Saturday, July 17, 2010

Stout Black Chocolate Cake

Now playing: Deborah Friou - Currant
via FoxyTunes

More fun with currants! The currant bushes in my garden are Yellow Flowering currants. Recently, it was pointed out to me that one can use the flowers in cuisine, it is said that they smell of cloves. You can be sure I will check this out next spring. There are other names for this particular variety -Ribes aureum- spicebush, clove currant and golden currant (even though the berries are black.) These bushes are valued in landscapes for the flowers in spring and the leaves turn red in the fall. Native Americans used the flowers and berries to flavour and help preserve pemmican. Currants in general are high in vitamin C, manganese, iron and potassium, so why not add this to a nice drink, scone, fruit salad, or dessert?

I don't have anything against Guinness, in fact it is great stuff (I have been told that the Guinness in Ireland is much better than what the rest of us get, one day I will find out if it is true.) This time however, I used a local stout here in Fort Collins. When in the UK, I frequently have a drink called Guinness Black- currant syrup drizzled on the top of the head of the stout. YUM! So, I thought, why can't I make a sweet running with this idea. I have had Guinness Chocolate Cake, so why not currant icing?
There are many stout chocolate cake recipes online. The icing is made with a lb. of softened butter whipped, slowly alternate adding 4 c. icing sugar and 1 c. of currant syrup.

Just in case there wasn't enough stouty flavour,I made some stout frozen custard to go with.

Garden and harvest views:

Thursday, July 15, 2010

Currantly Vodka Sorbet

Now playing: Sonata Arctica - "Vodka Song"
via FoxyTunes

Currently our Golden Flowering Currant bushes are producing lovely, plump berries. I have several things planned for them as they keep ripening. Sean and I picked the best berries yesterday for some sorbet. We picked about a quart.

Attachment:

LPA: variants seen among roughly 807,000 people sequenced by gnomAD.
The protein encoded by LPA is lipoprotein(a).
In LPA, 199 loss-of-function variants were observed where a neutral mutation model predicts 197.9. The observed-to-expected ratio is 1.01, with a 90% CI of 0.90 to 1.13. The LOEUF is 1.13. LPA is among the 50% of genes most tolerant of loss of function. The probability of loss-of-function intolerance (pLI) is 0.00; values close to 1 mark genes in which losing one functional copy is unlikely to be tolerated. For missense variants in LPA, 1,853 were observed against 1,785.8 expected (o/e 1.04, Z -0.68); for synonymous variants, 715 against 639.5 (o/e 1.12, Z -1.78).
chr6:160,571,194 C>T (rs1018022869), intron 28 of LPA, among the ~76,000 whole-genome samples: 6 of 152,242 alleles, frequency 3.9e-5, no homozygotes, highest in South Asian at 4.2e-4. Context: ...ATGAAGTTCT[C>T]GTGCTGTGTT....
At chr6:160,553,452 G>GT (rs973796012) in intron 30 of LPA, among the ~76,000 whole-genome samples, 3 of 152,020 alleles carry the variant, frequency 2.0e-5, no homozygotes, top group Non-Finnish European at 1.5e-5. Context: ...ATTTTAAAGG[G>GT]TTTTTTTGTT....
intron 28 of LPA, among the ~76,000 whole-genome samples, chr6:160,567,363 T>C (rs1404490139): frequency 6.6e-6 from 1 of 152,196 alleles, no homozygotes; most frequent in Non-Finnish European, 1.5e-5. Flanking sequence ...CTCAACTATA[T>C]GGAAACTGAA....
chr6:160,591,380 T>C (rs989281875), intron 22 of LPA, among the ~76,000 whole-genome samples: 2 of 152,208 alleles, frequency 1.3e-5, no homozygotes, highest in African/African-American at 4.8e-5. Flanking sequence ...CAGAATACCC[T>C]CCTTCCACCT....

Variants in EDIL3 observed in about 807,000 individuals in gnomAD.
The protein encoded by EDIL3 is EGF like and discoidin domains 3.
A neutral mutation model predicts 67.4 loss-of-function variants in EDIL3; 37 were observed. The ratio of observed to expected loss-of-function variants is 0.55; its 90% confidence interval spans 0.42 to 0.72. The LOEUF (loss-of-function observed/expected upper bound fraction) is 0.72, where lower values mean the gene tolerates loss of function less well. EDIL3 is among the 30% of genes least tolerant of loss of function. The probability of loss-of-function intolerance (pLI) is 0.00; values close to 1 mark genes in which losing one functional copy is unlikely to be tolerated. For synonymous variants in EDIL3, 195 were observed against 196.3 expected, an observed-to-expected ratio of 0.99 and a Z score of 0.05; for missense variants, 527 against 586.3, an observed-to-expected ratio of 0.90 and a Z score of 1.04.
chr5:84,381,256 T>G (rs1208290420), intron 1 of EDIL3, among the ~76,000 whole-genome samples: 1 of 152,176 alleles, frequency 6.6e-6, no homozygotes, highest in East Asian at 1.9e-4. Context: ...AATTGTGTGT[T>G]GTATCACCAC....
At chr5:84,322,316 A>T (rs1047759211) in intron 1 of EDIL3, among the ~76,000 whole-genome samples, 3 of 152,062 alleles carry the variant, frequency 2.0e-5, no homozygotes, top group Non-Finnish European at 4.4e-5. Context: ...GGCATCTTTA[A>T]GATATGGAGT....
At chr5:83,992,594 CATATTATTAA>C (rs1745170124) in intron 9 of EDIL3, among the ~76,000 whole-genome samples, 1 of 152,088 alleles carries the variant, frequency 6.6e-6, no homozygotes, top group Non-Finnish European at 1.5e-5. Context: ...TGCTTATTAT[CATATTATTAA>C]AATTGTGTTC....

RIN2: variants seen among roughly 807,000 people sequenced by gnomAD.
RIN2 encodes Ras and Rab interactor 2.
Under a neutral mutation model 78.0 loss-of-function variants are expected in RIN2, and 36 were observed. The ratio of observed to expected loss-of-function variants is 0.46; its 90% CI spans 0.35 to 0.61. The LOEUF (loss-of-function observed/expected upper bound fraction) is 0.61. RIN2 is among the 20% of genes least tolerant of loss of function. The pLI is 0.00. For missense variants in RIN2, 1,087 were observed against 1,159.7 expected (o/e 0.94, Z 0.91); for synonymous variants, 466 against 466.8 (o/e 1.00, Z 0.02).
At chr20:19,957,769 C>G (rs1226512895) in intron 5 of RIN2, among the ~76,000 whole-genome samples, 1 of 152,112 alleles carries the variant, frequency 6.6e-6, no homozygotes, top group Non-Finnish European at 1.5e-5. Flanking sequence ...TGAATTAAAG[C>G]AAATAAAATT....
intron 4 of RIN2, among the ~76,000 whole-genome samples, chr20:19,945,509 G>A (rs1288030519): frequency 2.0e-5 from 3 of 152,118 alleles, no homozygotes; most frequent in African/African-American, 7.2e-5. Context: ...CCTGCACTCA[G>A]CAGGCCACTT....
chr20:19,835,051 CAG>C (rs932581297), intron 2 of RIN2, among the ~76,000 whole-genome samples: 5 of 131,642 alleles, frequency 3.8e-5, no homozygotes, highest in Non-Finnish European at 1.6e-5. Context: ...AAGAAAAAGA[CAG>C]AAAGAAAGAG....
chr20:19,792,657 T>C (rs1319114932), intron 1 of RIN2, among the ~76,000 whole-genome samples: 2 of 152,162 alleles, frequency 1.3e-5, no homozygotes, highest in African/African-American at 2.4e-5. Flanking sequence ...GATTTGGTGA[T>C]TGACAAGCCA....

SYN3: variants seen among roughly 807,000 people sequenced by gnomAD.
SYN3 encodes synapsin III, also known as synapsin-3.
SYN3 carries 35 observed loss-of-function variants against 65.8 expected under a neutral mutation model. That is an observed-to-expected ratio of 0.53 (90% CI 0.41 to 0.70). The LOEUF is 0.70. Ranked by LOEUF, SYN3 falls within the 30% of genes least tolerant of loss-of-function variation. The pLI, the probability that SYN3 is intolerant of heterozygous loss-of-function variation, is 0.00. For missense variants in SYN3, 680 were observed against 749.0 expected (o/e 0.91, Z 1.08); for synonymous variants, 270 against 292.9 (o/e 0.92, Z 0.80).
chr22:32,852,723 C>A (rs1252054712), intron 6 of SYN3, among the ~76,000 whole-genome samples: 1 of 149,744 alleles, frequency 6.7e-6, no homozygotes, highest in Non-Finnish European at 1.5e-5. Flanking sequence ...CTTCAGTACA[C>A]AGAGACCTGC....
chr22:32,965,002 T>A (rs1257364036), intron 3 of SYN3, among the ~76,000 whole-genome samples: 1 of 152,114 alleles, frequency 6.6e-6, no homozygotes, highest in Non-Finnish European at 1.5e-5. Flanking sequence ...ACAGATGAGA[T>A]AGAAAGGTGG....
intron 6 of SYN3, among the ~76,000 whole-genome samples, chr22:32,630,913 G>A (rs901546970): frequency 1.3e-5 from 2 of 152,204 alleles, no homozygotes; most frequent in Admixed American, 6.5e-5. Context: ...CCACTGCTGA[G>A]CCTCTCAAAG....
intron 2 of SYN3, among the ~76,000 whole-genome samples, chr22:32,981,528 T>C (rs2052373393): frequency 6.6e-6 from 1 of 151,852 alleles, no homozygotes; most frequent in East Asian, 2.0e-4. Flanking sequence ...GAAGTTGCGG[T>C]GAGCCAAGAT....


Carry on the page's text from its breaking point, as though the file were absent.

Puree the currants and strain, add a squirt of lemon juice and a small spoon of corn syrup (small crystals for a creamier sorbet). To make the sorbet, add simple syrup until an egg floating in the mixture only revels a nickel sized portion of itself above the liquid. This will measure the brix units (amount of dissolved sugar in a solution) without buying an expensive meter. This will make a nicer sorbet with smaller crystals! It will also insure that there isn't too much, or too little sugar thus making freezing easier, or harder, as the case my be. I lived dangerously and added 2 shots of vodka (It will take longer to freeze, or if there is too much it won't freeze at all- mine did). You can just splash some vodka in the mixture to be safe. After you have the right amount of sugar in your mix, taste and adjust the lemon juice. I usually use a Donvier ice cream maker, there are other makers out there.

I am including a link to another method for making sorbet that I hope to try soon:

What will I make with the currants next? Check back soon! I will also add more information about the particular currants I am growing.

Cait here are some images of your green zinnias, the green marigolds haven't opened yet.

I've been seeing many creatures around the garden.

More views of Lucie's garden! She grows more than pink and purple petunias. :-)